The importance of reading

Handheld devices have invaded our lives, while books are being ignored

Turki Aldakhil
Turki Aldakhil
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It is impossible to have a vivid and developmental society if reading is not an essential part of it. Data shows that handheld devices have invaded our lives, while books are being ignored. Even before this technology emerged, the relation between Arab readers and books was not good. For example, when a book by a prominent Arab author was published, the number of prints did not exceed 5,000 - a very small number if distributed among 300 million Arabs.

This issue has always worried Emirati Vice President and Prime Minister Sheikh Mohammad bin Rashid al-Maktoum, as he is a writer and poet. A significant initiative he launched is the Arab Reading Challenge, to encourage reading among students in the Arab world, and to see more than 1 million of them read 50 million books during the academic year.

The United Arab Emirates (UAE) dedicated AED 100 million ($27.2 million) to the reading strategy. It also issued the National Reading Law to detail national roles and responsibilities, and to make reading a key element in citizens’ lives. UAE President Sheikh Khalifa bin Zayed al-Nahyan said: “The aim of the Reading Law is to provide lifelong learning for all members of our society, and enhance the intellectual and cultural assets of our citizens.”

Books are no longer the first source of entertainment due to technology’s invasion of our lives, but those who make time to read paper books save themselves from the fatal addiction to technology

Turki Al-Dakhil

Sheikh Mohammed said: “There’s no knowledge-based economy without knowledge-based societies. It’s not possible to develop strategies without improving our generations. It’s not possible to build a tolerant society and coherent families, develop civilized social awareness or build a solid national identity without education, reading and knowledge. A reading society is a civilized society that’s flexible, a pioneer in development and accepts all cultures.”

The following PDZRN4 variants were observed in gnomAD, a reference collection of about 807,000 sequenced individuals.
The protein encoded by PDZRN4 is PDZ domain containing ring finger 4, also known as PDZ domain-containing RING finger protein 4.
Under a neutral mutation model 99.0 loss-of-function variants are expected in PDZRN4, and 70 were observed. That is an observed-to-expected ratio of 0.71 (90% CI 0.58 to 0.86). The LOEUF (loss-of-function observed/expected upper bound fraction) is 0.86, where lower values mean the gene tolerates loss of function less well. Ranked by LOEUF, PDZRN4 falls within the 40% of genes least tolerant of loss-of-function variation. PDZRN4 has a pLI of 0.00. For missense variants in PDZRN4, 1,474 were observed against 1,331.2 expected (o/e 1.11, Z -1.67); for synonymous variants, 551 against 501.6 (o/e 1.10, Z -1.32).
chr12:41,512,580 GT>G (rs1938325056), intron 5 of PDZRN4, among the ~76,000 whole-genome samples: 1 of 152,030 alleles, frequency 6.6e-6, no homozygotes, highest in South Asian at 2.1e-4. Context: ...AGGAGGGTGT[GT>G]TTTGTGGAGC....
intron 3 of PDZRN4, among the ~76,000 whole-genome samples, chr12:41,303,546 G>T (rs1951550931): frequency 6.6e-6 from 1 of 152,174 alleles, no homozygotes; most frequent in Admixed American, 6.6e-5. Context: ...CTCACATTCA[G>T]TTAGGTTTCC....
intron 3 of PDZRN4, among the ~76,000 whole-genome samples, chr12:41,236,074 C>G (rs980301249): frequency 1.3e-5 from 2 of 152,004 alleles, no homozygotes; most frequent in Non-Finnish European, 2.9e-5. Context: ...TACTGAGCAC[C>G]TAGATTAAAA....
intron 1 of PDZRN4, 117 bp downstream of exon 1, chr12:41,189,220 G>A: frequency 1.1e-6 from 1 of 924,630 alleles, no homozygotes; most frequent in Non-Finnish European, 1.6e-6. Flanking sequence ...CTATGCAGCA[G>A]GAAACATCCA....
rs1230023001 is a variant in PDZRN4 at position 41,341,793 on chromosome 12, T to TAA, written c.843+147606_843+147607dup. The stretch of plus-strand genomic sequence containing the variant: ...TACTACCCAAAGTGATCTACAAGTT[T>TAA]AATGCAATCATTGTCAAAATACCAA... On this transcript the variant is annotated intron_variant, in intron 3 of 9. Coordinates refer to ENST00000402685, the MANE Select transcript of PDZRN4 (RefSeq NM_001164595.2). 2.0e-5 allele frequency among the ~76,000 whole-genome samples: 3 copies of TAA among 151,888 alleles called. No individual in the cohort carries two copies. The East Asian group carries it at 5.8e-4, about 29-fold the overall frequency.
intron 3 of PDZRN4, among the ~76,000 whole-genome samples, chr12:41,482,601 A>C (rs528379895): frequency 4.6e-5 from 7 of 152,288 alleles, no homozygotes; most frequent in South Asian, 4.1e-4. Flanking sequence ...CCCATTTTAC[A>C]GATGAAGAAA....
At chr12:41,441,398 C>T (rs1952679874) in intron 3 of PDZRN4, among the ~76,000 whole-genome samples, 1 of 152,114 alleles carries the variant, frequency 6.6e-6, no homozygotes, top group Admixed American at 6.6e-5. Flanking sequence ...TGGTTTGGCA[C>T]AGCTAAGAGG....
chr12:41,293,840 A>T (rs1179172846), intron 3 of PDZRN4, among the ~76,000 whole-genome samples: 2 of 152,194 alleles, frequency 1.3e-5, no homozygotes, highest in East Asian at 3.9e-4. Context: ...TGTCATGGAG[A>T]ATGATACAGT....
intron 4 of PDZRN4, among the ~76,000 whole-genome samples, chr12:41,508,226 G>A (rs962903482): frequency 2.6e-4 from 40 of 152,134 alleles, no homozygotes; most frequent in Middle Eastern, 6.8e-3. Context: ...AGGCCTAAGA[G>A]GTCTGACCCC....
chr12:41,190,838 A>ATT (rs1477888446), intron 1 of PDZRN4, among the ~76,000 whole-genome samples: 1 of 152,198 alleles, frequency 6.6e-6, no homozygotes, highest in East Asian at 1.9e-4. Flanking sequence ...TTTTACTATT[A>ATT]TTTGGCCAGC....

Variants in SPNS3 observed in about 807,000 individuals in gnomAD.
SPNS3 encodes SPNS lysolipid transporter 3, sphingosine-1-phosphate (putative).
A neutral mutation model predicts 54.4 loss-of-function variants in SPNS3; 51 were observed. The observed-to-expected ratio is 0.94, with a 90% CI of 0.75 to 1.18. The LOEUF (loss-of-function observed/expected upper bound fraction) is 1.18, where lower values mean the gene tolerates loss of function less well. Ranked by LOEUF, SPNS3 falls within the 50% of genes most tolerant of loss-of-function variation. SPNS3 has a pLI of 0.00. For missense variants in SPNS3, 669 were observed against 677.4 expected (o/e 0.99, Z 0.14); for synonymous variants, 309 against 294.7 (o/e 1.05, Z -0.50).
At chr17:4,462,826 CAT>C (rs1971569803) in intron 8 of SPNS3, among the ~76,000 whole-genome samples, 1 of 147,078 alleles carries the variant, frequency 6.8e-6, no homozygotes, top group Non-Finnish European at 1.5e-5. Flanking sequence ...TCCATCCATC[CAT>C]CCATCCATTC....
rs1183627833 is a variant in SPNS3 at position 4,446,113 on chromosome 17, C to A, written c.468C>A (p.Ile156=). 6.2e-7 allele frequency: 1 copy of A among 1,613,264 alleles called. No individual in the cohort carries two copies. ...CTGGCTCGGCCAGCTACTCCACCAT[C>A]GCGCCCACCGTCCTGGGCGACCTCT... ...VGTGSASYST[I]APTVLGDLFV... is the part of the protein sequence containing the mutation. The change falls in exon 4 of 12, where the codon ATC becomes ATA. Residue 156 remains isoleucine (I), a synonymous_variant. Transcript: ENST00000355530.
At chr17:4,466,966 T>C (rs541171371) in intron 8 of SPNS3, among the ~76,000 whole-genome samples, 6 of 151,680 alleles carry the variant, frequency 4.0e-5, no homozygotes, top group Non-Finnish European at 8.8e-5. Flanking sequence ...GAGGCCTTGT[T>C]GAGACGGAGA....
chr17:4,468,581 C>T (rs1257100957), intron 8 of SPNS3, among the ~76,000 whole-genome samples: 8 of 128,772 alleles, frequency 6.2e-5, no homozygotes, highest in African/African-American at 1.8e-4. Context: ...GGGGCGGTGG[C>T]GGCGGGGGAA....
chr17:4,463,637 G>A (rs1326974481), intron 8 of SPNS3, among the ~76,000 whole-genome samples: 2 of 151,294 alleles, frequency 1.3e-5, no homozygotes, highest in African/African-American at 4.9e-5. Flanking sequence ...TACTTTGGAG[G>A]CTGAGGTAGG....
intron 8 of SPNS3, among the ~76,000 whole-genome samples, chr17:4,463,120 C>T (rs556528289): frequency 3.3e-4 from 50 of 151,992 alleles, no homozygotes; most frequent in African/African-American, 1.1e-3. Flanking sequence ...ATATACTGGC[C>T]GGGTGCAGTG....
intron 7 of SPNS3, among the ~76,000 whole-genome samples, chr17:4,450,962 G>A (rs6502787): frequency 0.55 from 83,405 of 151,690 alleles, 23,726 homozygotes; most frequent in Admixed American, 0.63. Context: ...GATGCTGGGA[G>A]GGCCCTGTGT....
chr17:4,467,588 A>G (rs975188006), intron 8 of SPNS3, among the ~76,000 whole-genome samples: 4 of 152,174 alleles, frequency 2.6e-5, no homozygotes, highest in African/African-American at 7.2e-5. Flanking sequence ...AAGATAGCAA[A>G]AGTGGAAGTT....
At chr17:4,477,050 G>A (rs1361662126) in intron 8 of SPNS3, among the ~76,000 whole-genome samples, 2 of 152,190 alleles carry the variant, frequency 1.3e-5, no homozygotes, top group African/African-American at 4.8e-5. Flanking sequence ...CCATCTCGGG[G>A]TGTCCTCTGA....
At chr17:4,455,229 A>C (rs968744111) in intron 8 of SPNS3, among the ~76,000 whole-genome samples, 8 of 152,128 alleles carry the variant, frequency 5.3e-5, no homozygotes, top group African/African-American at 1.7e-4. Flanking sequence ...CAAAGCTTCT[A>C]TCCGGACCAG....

The UAE is determined to solidify reading on the social and educational levels, and via organized and practical work. If we look at the resumes of people who influenced the history and civilization of their countries, we find that education, wit, reading and staying up to date in different fields are the reasons behind their success.

Reading is a pleasure and its benefits many. To understand this passion, one can read Alberto Manguel’s enjoyable works A History of Reading, A Reading Diary and The Library at Night. Reading is important for everyone. We often see photos of people in China, Japan, South Korea and Europe who have allotted a certain amount of time for handheld devices and for reading books either. We need this self-knowledge to achieve progress.

Old people make time to read. This is what we hope from subsequent generations. Books are no longer the first source of entertainment due to technology’s invasion of our lives, but those who make time to read paper books save themselves from the fatal addiction to technology. If you want your mind to develop, you must read.

This article was first published by al-Bayan on May 11, 2016.
Turki Al-Dakhil is the General Manager of Al Arabiya News Channel. He began his career as a print journalist, covering politics and culture for the Saudi newspapers Okaz, Al-Riyadh and Al-Watan. He then moved to pan-Arab daily Al-Hayat and pan-Arab news magazine Al-Majalla. Turki later became a radio correspondent for the French-owned pan-Arab Radio Monte Carlo and MBC FM. He proceeded to Elaph, an online news magazine and, the news channel’s online platform. Over a ten-year period, Dakhil’s weekly Al Arabiya talk show “Edaat” (Spotlights) provided an opportunity for proponents of Arab and Islamic social reform to make their case to a mass audience. Turki also owns Al Mesbar Studies and Research Centre and Madarek Publishing House in Dubai. He has received several awards and honors, including the America Abroad Media annual award for his role in supporting civil society, human rights and advancing women’s roles in Gulf societies. He tweets @TurkiAldakhil.

Disclaimer: Views expressed by writers in this section are their own and do not reflect Al Arabiya English's point-of-view.
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